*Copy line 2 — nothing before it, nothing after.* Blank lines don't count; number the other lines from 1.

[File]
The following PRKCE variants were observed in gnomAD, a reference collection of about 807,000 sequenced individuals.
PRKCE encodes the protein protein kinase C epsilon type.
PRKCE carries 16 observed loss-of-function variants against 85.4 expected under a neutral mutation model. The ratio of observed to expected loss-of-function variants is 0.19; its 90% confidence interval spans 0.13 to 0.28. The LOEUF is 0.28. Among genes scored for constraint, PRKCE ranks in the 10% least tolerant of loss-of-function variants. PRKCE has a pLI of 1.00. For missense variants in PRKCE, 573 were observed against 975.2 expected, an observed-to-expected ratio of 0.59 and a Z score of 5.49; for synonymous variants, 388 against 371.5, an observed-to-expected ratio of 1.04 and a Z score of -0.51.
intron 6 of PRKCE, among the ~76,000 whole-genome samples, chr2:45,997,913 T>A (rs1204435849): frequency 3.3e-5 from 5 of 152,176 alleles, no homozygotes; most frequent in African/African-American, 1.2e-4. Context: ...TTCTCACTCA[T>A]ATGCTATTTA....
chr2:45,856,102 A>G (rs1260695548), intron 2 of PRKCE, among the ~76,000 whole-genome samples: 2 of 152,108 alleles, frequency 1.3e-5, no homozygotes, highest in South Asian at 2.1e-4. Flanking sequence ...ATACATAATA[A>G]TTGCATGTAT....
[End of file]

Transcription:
PRKCE encodes the protein protein kinase C epsilon type.